Home made Soda- Questions
- lestblight Jun 17, 2011 08:30 AM
Picked up a soda stream.. wasnt satisfied with the results since i will not be using their syrups.
For the most part.. i find them too sweet and just artificial .
I want to carbonate some teas some juices etc.
But not sure what the best method would be to get a good strong FIZZ.. similar to coke from the store.
I feel that once i mix my teas or add a flavor or let it restl.. the fizz dies out..
It defnitely carbonates the beverage.. but i want it to be cripser and better with more bubbles. more fizz.. more head.
So i researched other methods.
I see 2 methods.
One is with yeast and sugar.
and another works with a larger co2 tank.. some valves etc
this method requires the gas to be put in the water and then shaken to distribute gas and let rest.
It seems to produce a stronger fizz.
Anyone have any suggestions of what works?
Any pointers on some chemistry to help the beverage? I hear a hint of guar gum helps hold more bubbles?
thanks as always
You might try the Fizz Giz. It carbonates much better than the Soda Stream, and you can carbonate whatever you want with it.
do you think a better method would be to use a co2 tank..a tube and a valve ?
seems like you can get a better result that way instead of using one of these cosumer friendly machines.
also... i was looking at the recipe for coke..and found the additional use of
citric acid, phosphoric acid, lime juice amd
can anyone weigh in on this? i would like to try experimenting with these to get a better result.
Coke adds phosphoric acid to give it that extra bite, because the carbonic acid produced by CO2 is a very weak acid. Of course, lemon and lime also have acid, so you might use those to make it a little tangier.
I saw a really good video on YouTube once of a guy trying to mimic the Coke recipe, but I don't have a link.
I am looking into the FIZZ GIZ.. just concerned about the yield on the co2 catridge...im thinking a tank might be better.
Anyone know how i should add the phosphoric acid and ctric acid to the soda recipe?
Does it need to be heated and dissolved? or just mixed in cold?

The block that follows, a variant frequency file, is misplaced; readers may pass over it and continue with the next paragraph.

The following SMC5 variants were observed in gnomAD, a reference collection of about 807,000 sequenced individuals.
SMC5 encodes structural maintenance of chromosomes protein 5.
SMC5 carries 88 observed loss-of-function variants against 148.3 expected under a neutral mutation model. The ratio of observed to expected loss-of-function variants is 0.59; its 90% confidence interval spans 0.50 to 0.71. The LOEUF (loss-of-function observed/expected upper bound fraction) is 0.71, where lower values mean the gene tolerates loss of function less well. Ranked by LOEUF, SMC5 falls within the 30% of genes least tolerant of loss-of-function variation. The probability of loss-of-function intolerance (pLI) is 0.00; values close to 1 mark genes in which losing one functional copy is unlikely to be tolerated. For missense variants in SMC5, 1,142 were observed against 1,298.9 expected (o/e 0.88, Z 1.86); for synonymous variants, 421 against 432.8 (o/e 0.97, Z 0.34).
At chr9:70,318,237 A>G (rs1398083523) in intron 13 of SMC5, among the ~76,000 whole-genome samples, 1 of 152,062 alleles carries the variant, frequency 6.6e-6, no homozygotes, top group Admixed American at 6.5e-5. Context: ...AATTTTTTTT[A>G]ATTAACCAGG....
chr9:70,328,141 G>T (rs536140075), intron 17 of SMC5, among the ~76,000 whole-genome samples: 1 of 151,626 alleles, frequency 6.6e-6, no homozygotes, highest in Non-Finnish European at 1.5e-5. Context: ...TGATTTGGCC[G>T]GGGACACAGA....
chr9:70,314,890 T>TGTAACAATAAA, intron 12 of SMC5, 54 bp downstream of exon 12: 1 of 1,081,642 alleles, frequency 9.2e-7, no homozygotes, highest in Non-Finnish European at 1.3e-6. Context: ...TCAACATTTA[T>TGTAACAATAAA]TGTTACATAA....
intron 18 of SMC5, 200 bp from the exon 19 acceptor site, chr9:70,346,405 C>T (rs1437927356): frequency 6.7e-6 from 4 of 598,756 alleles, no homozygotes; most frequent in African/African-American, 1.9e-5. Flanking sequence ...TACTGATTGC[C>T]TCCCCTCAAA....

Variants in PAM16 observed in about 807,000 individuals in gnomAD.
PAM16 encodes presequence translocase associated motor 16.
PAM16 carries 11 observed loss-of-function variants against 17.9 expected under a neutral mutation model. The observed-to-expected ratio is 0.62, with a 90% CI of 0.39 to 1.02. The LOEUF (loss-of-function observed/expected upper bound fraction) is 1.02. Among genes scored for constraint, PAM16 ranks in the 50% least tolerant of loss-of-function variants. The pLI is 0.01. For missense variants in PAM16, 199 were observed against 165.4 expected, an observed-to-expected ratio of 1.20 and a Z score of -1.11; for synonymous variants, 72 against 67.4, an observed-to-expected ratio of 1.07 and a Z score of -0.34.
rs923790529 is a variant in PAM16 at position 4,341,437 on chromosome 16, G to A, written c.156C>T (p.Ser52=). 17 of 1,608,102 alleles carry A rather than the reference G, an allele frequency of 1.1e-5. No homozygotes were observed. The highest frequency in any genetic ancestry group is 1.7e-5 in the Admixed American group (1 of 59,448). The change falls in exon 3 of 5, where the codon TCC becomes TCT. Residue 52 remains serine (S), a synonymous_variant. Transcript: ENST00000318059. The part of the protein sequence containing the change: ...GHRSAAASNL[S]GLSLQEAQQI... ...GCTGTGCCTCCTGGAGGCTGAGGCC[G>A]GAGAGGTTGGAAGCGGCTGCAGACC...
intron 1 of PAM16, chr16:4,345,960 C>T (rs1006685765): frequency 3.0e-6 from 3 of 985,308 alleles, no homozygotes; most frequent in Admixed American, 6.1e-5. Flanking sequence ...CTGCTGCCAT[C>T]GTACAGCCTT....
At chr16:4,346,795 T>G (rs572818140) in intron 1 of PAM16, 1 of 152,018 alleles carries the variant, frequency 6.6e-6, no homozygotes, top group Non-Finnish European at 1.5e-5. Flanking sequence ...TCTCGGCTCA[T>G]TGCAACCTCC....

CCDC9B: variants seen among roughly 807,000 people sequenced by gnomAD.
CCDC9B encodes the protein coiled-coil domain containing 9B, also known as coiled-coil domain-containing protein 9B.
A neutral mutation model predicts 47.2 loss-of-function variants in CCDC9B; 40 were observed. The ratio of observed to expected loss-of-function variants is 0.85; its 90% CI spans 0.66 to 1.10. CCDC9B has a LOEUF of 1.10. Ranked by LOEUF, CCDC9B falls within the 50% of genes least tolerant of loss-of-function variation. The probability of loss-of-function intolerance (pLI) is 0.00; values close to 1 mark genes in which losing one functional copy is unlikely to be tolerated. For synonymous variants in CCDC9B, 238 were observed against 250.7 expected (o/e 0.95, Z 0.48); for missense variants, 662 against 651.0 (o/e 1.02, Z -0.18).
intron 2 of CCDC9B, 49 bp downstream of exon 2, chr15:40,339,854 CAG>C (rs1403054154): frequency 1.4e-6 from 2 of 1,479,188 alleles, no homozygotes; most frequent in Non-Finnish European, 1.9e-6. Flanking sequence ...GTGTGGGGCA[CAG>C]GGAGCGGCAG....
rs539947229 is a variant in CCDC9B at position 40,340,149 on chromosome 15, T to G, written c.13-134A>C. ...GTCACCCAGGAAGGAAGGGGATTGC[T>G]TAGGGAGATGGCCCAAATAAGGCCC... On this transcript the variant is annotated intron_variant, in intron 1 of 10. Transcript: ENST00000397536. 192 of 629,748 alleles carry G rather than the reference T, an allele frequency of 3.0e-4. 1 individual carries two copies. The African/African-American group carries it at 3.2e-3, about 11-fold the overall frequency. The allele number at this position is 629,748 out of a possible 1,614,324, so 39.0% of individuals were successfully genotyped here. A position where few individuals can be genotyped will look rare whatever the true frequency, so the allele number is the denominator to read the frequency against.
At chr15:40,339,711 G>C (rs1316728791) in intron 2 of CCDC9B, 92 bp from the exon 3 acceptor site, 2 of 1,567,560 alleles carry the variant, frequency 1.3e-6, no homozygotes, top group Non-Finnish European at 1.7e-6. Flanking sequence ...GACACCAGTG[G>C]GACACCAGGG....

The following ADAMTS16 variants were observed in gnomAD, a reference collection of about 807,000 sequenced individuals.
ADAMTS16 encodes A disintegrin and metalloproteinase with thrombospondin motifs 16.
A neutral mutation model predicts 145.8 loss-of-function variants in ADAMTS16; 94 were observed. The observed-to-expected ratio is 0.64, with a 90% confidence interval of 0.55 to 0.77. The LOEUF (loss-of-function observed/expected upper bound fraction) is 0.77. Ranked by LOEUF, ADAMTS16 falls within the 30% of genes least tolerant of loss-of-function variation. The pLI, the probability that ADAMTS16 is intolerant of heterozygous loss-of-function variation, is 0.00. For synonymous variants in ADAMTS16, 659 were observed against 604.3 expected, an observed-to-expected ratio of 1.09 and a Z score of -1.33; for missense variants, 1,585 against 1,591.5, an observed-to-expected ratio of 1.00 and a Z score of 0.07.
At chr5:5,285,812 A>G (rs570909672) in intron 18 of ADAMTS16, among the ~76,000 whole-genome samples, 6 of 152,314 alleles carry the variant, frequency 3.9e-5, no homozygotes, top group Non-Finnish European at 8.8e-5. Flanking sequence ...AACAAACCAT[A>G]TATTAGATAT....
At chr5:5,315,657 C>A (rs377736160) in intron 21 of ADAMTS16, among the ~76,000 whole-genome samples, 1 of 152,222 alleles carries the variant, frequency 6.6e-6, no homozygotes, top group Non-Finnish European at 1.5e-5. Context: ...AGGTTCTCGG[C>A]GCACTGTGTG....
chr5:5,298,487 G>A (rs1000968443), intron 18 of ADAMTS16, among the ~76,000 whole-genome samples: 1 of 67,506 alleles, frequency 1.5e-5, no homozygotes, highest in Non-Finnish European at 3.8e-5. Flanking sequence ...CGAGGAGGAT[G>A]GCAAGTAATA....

Also what are the measurements to use? I would assume its not alot.. but just wanna be safe here.
I wil be basing this on a gallon of liquid.
Thanks so much.
yeah thats what i thought
thats why i was considering this option.
at 130$ with about a 25$ refilling fee on the tank.. it would be a better option.
Im just wondering about the cap system on both here.
The fizz.. lets you leave the cap on and not lose any of the co2.. i dig that.
The other system.. makes you remove the cap and replace with a regular cap.. which loses some of the inital co2.
any idea on the phosphoric acid?
thanks so much
The soda stream wasnt ideal for making your own sodas- just conveniently using their syrups.
I learned the hardway.. when it exploded in the kitchen.
I found that the carbonation didnt fully integrate in the liquid.. it sat on top and released most of it when i poured it.
It also didnt allow me to shake it and get a nice full carbonation.
The soda stream worked decently for water.. but i wanted a better method to allow me to be more free with the beverage and provide a stronger carbonation.
I found the sodastream traded convenience and a pretty countertop model for actual good results from a dingy co2 tank and some tubes and valves.
Mine carbonates fully, and a full bottle will stay bubbly for at least a couple of days. (You'll only understand this part if you have one-) I give it one initial, then three obnoxiously noisy pumps to achieve the desired carbonation level.
We like to mix it, three or four to one, with Simply Lime. Makes a delicious, very refreshing drink. Not soda, but better, IMHO
Can you elaborate? I haven't found any mentions of any controversy. I also haven't had any trouble with how the product works (although it does run out of gas pretty quickly).
Edit: After a little more googling, I see that they don't allow other companies to refill their canisters, and that they claim to be making the canisters in Israel, when in fact it's being done in occupied Palestinian territories. I don't really see why the former is a big deal (heck, Apple tethers you to iTunes, and it's the most popular mp3 player out there), and I think the latter is simply a matter of who gets credit. So long as the workers get paid, I can't really rile myself up.